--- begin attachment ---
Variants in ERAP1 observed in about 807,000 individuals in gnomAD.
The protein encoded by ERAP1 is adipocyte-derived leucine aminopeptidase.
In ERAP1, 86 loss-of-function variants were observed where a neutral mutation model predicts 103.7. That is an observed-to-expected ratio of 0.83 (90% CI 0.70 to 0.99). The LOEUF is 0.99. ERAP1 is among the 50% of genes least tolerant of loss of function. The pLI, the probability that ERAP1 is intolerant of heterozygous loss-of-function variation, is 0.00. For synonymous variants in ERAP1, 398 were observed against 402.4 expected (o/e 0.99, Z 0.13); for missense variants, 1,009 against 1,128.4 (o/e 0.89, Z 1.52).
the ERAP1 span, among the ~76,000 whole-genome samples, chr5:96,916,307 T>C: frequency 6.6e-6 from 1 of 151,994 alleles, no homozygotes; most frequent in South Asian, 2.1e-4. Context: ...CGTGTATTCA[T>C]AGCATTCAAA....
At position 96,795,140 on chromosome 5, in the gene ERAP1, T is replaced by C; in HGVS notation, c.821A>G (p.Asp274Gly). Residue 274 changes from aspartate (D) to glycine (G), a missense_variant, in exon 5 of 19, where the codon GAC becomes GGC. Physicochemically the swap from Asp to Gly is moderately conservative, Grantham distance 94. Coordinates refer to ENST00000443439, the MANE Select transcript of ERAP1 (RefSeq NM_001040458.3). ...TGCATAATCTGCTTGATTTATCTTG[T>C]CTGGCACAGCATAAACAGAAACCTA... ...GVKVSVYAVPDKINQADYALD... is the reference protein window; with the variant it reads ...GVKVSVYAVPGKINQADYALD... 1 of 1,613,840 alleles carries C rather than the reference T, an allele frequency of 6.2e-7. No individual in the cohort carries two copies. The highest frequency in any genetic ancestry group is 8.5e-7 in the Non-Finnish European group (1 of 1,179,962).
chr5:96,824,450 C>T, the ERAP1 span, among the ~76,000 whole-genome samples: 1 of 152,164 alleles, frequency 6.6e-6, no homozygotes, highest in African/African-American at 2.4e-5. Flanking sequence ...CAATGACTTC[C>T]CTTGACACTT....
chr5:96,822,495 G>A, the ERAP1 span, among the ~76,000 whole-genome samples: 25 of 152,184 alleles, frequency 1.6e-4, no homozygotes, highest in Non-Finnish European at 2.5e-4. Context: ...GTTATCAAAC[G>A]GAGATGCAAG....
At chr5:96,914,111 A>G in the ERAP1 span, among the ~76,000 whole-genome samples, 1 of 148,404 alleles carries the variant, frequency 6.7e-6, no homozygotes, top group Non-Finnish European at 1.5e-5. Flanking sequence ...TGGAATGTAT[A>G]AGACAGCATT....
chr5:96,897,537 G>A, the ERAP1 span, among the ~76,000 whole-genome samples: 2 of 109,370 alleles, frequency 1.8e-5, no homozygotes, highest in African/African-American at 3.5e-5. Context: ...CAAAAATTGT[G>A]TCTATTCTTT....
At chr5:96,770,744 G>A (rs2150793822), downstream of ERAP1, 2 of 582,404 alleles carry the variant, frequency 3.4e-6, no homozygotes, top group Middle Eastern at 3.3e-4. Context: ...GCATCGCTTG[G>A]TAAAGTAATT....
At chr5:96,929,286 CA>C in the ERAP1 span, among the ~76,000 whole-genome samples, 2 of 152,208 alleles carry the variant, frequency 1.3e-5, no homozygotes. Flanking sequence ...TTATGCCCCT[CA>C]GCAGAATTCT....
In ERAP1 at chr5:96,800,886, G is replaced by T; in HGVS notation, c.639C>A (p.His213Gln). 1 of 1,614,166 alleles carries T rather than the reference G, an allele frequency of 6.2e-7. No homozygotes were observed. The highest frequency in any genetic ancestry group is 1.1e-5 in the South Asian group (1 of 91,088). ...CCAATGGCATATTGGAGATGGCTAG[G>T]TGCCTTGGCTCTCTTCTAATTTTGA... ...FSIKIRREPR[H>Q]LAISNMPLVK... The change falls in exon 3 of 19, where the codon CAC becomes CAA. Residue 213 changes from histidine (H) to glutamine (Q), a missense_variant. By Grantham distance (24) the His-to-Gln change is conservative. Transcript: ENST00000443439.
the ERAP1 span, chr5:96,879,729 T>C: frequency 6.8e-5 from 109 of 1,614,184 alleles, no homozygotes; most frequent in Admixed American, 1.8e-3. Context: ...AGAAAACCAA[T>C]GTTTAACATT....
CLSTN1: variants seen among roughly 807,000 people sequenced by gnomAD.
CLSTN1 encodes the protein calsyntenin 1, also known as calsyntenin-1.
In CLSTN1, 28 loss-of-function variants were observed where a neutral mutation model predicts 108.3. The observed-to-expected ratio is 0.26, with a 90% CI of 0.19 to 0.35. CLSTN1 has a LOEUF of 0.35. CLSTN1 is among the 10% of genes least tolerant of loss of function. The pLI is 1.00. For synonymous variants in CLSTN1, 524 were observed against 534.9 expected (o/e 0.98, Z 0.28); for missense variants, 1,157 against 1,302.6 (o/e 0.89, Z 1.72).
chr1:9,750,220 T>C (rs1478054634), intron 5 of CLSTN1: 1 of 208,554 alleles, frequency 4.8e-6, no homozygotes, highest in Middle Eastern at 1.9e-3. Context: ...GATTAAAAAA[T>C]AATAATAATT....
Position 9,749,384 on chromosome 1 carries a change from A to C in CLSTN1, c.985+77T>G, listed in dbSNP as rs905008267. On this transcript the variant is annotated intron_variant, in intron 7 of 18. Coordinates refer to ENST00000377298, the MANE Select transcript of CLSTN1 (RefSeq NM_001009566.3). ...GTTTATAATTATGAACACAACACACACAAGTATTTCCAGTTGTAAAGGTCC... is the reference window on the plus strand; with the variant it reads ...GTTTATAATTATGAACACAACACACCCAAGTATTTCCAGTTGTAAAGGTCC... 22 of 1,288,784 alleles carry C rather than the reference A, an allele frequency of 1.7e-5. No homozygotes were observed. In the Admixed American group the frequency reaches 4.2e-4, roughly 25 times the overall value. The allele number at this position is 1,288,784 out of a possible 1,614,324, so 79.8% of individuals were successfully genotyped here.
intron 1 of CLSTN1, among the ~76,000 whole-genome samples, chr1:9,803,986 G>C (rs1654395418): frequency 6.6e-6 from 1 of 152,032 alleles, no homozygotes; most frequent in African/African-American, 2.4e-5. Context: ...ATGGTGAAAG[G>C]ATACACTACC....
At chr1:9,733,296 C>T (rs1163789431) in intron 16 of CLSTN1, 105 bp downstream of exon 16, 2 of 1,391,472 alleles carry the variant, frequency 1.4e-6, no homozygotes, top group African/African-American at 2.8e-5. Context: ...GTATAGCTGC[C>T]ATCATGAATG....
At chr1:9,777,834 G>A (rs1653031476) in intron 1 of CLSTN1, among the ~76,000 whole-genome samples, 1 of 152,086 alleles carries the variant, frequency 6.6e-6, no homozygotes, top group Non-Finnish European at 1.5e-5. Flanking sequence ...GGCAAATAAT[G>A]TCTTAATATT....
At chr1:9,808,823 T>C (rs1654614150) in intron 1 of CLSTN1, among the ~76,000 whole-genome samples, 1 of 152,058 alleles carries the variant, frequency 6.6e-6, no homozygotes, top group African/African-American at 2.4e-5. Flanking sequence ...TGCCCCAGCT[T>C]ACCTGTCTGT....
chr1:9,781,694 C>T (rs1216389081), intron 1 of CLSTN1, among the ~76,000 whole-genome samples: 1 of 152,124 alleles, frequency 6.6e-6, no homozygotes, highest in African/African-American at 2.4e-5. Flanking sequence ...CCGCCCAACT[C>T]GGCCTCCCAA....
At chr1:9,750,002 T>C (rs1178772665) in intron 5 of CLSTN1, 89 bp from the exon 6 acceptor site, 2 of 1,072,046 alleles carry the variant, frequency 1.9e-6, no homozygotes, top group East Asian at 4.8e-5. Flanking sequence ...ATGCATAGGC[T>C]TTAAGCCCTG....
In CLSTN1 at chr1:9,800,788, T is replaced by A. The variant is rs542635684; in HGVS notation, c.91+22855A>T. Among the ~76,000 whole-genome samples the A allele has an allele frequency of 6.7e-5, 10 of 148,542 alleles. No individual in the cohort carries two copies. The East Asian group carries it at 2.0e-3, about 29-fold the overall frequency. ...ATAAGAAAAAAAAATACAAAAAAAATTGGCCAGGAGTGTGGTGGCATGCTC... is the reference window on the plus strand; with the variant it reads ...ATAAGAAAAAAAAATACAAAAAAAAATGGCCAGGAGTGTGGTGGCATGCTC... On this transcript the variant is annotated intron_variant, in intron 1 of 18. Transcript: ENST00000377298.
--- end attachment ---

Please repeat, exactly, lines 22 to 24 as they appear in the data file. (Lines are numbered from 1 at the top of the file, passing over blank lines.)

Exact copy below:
At chr1:9,808,823 T>C (rs1654614150) in intron 1 of CLSTN1, among the ~76,000 whole-genome samples, 1 of 152,058 alleles carries the variant, frequency 6.6e-6, no homozygotes, top group African/African-American at 2.4e-5. Flanking sequence ...TGCCCCAGCT[T>C]ACCTGTCTGT....
chr1:9,781,694 C>T (rs1216389081), intron 1 of CLSTN1, among the ~76,000 whole-genome samples: 1 of 152,124 alleles, frequency 6.6e-6, no homozygotes, highest in African/African-American at 2.4e-5. Flanking sequence ...CCGCCCAACT[C>T]GGCCTCCCAA....
At chr1:9,750,002 T>C (rs1178772665) in intron 5 of CLSTN1, 89 bp from the exon 6 acceptor site, 2 of 1,072,046 alleles carry the variant, frequency 1.9e-6, no homozygotes, top group East Asian at 4.8e-5. Flanking sequence ...ATGCATAGGC[T>C]TTAAGCCCTG....